Empowering and Diverse: Women of a Certain Age

By Tristan Sherlock Women of a Certain Age is a surprisingly wholesome, heartbreaking and empowering recount of the lives of fifteen very diverse Australian women from the ages of 40 onwards. These stories included Perth’s own Anne Aly; authors Krissy Kneen, Goldie Goldbloom and Jeanine Leane; Politician Mehreen Farqui and many other empowering women. What’s most surprising about Women of a Certain Age is how each story is captivating in its own way. Each story is different and refreshing. Nothing seems too similar. Naturally there are stories that are duller than others, such as Krissy Kneen’s but even her story is heartbreaking and powerful. However, what’s more refreshing about Women of a Certain Age is the racial and cultural diversity. Women of a Certain Age really does tell stories from all different walks of life, including the lives of Aboriginal women, Muslim women and more. The same can be said for women of different sizes, ages, backgrounds, privileges. Women of a Certain Age lets itself be for women by women. It doesn’t cover up talk of sexuality, menstruation, menopause or anything else for that matter. Women of a Certain Age empowers women by showing them they can be women. Women of a Certain Age is one of those texts that would make for a great coffee table book, or one you read in a single sitting. Or you however you want to read it. Each story is short and to the point, averaging maybe ten pages for each story. None of the stories require all your attention, nor are they particularly difficult to read. Women of a Certain Age is laid out for you to read it as you please. Women of a Certain Age stands by what it’s representing. It tells the stories of women of certain ages and in doing so empowers not only women of that age but women much younger. STAND OUT STORIES INCLUDE: ‘Black boxes’ by Jeanine Leane, ‘Memories that shaped me’ by Tracey Arnich, ‘Djana ngayu – Who am I?’ by Pat Mamanyjun Torres’ and ‘Flying Kites’ by Mehreen Faruqi.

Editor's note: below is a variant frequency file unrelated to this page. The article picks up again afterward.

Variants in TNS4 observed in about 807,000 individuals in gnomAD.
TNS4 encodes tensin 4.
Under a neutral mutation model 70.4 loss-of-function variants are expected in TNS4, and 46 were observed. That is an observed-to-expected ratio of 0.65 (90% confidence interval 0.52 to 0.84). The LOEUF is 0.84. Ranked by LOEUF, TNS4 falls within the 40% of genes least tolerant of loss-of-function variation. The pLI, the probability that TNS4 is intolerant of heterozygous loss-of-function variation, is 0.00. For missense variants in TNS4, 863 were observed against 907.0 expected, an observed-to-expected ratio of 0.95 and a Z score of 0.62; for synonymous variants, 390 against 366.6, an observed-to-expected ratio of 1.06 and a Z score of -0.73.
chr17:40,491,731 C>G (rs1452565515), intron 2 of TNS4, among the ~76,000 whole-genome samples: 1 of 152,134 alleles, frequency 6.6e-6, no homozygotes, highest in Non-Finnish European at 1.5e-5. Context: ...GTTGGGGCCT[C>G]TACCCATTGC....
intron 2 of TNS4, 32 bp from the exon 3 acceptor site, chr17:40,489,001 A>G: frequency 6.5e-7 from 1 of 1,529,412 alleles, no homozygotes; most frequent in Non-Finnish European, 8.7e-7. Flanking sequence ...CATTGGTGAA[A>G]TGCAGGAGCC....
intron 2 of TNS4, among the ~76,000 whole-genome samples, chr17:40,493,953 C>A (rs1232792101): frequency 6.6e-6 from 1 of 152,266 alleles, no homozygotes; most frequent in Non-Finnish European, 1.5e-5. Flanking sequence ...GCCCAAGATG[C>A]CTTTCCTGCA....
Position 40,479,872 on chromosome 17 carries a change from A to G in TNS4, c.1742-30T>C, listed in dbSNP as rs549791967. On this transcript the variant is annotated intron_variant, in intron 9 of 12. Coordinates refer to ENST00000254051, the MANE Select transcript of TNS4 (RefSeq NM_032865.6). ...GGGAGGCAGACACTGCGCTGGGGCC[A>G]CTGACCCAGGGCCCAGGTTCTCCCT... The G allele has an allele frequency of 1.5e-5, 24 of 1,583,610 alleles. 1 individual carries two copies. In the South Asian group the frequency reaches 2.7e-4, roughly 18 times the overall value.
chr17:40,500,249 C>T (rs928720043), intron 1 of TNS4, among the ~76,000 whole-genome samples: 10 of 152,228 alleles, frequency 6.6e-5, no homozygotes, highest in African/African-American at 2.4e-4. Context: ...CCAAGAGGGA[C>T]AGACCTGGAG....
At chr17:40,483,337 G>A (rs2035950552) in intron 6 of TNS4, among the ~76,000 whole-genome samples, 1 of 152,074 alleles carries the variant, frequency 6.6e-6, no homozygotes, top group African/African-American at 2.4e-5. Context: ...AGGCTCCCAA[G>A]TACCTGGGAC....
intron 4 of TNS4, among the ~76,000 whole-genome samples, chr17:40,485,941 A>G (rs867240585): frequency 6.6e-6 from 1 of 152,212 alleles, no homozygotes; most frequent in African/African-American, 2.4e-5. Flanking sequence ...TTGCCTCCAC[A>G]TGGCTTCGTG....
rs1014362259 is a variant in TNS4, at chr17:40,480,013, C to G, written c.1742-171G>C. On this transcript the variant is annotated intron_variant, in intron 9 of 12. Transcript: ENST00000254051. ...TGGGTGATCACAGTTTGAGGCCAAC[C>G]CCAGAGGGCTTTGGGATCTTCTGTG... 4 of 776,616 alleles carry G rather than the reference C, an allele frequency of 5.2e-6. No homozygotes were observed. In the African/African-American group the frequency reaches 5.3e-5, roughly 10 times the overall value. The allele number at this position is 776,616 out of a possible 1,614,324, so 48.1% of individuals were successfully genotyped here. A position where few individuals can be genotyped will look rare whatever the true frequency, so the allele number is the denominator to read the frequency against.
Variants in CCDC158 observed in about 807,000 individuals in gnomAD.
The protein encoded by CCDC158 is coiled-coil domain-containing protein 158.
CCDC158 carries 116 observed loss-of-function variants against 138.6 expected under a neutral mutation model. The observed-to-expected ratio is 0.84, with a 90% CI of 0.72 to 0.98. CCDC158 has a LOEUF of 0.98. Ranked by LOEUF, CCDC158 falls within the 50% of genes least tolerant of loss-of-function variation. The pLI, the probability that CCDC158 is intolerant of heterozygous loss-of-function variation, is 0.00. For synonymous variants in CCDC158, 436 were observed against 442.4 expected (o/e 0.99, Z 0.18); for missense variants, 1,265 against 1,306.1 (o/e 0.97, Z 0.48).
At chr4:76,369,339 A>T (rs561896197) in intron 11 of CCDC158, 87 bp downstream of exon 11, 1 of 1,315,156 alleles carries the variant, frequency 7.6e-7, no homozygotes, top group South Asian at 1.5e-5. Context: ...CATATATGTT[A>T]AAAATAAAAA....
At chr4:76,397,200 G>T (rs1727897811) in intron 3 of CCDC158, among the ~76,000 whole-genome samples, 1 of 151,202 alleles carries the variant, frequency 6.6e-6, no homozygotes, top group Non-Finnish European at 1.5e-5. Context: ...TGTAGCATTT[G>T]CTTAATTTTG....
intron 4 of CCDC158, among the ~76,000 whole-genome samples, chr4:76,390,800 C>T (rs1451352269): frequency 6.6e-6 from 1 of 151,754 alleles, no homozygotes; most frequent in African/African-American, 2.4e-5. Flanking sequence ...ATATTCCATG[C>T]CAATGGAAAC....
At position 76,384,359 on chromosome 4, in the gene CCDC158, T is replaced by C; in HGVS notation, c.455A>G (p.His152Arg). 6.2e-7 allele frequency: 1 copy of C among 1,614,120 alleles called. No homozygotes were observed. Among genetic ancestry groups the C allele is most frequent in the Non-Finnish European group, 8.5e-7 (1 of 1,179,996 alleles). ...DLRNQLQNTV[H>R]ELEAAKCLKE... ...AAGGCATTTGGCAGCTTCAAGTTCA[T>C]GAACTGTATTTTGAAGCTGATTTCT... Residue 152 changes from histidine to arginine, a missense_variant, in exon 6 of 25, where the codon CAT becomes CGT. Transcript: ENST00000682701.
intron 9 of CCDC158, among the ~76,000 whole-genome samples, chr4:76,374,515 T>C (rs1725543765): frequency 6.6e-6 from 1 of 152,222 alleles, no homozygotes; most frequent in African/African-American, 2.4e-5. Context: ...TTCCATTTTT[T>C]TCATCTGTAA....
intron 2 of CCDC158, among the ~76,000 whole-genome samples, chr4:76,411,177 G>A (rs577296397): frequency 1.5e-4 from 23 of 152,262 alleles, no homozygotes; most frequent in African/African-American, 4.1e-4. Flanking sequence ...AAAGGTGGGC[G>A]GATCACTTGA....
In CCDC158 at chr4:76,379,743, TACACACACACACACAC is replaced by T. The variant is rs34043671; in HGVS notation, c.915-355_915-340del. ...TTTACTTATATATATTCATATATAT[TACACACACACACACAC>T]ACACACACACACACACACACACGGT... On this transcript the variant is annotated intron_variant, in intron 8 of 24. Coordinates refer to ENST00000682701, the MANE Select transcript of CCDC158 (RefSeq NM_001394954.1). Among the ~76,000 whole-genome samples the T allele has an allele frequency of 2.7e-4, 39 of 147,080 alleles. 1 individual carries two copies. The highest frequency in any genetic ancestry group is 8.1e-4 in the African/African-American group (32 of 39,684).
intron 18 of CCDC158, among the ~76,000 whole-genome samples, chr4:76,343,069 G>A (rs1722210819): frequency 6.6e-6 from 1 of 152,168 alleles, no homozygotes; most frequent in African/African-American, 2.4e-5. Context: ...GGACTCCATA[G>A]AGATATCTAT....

8

/10

REVIEW: Women of a Certain Age

Edited By: Jodie Moffat, Maria Scoda, Susan Laura Sullivan

Overall Score
8

By Tristan Sherlock

Women of a Certain Age is a surprisingly wholesome, heartbreaking and empowering recount of the lives of fifteen very diverse Australian women from the ages of 40 onwards. These stories included Perth’s own Anne Aly; authors Krissy Kneen, Goldie Goldbloom and Jeanine Leane; Politician Mehreen Farqui and many other empowering women.

What’s most surprising about Women of a Certain Age is how each story is captivating in its own way. Each story is different and refreshing. Nothing seems too similar. Naturally there are stories that are duller than others, such as Krissy Kneen’s but even her story is heartbreaking and powerful.

However, what’s more refreshing about Women of a Certain Age is the racial and cultural diversity. Women of a Certain Age really does tell stories from all different walks of life, including the lives of Aboriginal women, Muslim women and more. The same can be said for women of different sizes, ages, backgrounds, privileges.

Women of a Certain Age lets itself be for women by women. It doesn’t cover up talk of sexuality, menstruation, menopause or anything else for that matter. Women of a Certain Age empowers women by showing them they can be women.

Women of a Certain Age is one of those texts that would make for a great coffee table book, or one you read in a single sitting. Or you however you want to read it. Each story is short and to the point, averaging maybe ten pages for each story. None of the stories require all your attention, nor are they particularly difficult to read. Women of a Certain Age is laid out for you to read it as you please.

Women of a Certain Age stands by what it’s representing. It tells the stories of women of certain ages and in doing so empowers not only women of that age but women much younger.

STAND OUT STORIES INCLUDE: ‘Black boxes’ by Jeanine Leane, ‘Memories that shaped me’ by Tracey Arnich, ‘Djana ngayu – Who am I?’ by Pat Mamanyjun Torres’ and ‘Flying Kites’ by Mehreen Faruqi.

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